Cafe Fair bag

Café Fair Coffees are certified by:

USDA logo OCIA logo Fair Trade Comisson logo Rainforest friendly logo



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Fairtrade Certified vs “Fair Trade”
Fair Trade Comisson logo

FAIRTRADE refers to Fairtrade organizations (such as Fairtrade America) or products certified through the Fairtrade Labeling International organization (FLO).

FAIR TRADE is just two words used in marketing that have no special meaning by themselves and are not the trademark of the International Fairtrade system. Anyone can use the words Fair Trade on any product regardless of the products’ origin or handling, or create a snappy logo with the word Fair Trade.

Avoid being fooled! How can you tell if it is truly Fairtrade?

It’s simple - only products carrying the mark above are legitimately Fairtrade Certified!

Farmer picking beans
Farmer picking beans
The Socially Responsible Coffee

Café Fair was founded to improve the life and dignity of our organic coffee farmers by linking them with socially conscious shoppers in the US. Only through fair livable wages, conscientious stewardship, and your commitment will we see sustainable agriculture flourish.

Certifications table
Roast / Flavor
Café Fair Blend · · ·
Chem Free Decaf · · ·
Chem Free Decaf French Roast · · ·
Dark Honduran · · ·
Dark Guatemalan · · · ·
Dark Peru · · ·
Earth, Wind and Fire · · ·
El Salvador · · ·
El Salvador - Dark · · ·
Espresso · · ·
Ethiopian · ·
French Roast · · ·
Guatemalan · · ·
Hazelnut · · ·
Honduran · · ·
Machu Pichu · · ·
Morning Blend · · ·
Peru · · ·
Flavored Café Fair · · ·
Cafe Fair Coffee - Sustainable Practices and Social Responsibility
Cafe Fair was developed In the 1990s to help support our growers, and their workers and communities. In addition, Cafe Fair coffees are eco-friendly and always organic.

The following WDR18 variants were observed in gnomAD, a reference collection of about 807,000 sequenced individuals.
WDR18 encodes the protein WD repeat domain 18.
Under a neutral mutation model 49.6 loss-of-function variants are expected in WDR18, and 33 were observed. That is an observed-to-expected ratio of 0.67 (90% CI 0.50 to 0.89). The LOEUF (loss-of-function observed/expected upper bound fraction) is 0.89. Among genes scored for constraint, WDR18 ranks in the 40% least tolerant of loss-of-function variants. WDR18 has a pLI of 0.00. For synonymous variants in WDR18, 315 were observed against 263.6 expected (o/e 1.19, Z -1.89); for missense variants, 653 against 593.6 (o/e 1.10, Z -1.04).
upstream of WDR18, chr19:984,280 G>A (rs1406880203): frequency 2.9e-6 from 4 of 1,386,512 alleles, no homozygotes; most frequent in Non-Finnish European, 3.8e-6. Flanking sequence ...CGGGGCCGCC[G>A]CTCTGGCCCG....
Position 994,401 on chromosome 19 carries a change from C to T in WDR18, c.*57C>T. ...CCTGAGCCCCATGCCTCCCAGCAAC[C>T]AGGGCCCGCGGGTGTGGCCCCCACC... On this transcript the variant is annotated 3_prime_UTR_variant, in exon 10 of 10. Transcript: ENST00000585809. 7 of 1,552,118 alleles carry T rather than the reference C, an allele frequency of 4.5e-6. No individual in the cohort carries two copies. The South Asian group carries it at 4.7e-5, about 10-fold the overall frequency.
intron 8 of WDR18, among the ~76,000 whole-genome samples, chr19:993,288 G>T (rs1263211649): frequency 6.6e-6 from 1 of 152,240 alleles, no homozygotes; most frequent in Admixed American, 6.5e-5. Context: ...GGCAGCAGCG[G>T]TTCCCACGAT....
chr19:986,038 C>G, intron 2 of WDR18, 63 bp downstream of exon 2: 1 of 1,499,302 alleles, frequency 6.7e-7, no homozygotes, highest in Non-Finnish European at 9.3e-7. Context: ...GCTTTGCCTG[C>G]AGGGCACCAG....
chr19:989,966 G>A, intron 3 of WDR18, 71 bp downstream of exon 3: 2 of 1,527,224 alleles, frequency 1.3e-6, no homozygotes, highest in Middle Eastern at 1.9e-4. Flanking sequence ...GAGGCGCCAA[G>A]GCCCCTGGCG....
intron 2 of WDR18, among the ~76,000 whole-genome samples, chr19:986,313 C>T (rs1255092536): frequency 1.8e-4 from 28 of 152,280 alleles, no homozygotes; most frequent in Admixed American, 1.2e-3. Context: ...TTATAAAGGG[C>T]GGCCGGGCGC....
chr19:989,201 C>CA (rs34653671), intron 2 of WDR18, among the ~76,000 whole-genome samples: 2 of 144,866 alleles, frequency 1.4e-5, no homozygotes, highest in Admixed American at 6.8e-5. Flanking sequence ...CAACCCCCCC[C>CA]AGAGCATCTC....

We have collaborated with reputable organizations such as Fairtrade International and the Rainforest Alliance to help us accomplish our mission, and to provide assurance that we are meeting our commitment as the Socially Responsible coffee that you want in your cup. Only by providing decent wages, conscientious agricultural practices, and with your commitment, will truly sustainable agriculture flourish.

Below are the various organizations - or agencies that accredit them - that certify Cafe Fair Coffees, along with a brief explanation of each, links to their sites, and links to some informational materials you can download in PDF format.

Bird Friendly logo

Fairtrade International (FLO)

Fairtrade International is a non-profit organization with partners and supporters all over the globe. They develop Fairtrade Standards, support and educate producers, and co-ordinate the International Fairtrade system. And they own the FAIRTRADE Certification Mark, a registered trademark that appears on more than 27,000 products in 120 countries. Over 1.2 million small farmers and workers in 66 countries benefit from Fairtrade through stable prices, training, and financial premiums for education, healthcare and farm improvements.

Fairtrade International partners with an independent certifying organization - FLO-CERT - to inspect and certify producer networks representing small farmers and workers in Africa, Asia, Latin America and the Caribbean. In addition, a network of national Fairtrade organizations around the world promote Fairtrade in their countries. In the U.S., Fairtrade America is the partner organization that audits and certifies Fairtrade coffee sales and purchases by Steep & Brew.

> Fairtrade International

> Fairtrade Resources Network


> Fairtrade America

Rainforest Friendly logo

Rainforest Alliance Certified

The Rainforest AllianceTM is an international nonprofit organization that works to conserve biodiversity and promote the rights and well-being of workers, their families and communities. Farms that meet comprehensive standards for sustainability earn the Rainforest Alliance Certified™ seal. These standards conserve biodiversity, ensure that soils, waterways and wildlife habitat is protected and that farm workers enjoy decent housing, access to medical care and schools for their children. Farms must commit to a process of continuous improvement and are audited each year in order to maintain their certification. By shopping for products bearing the Rainforest Alliance Certified seal, consumers can support a healthy environment and help to improve the quality of life for farm families. To learn more about the Rainforest Alliance and its programs, visit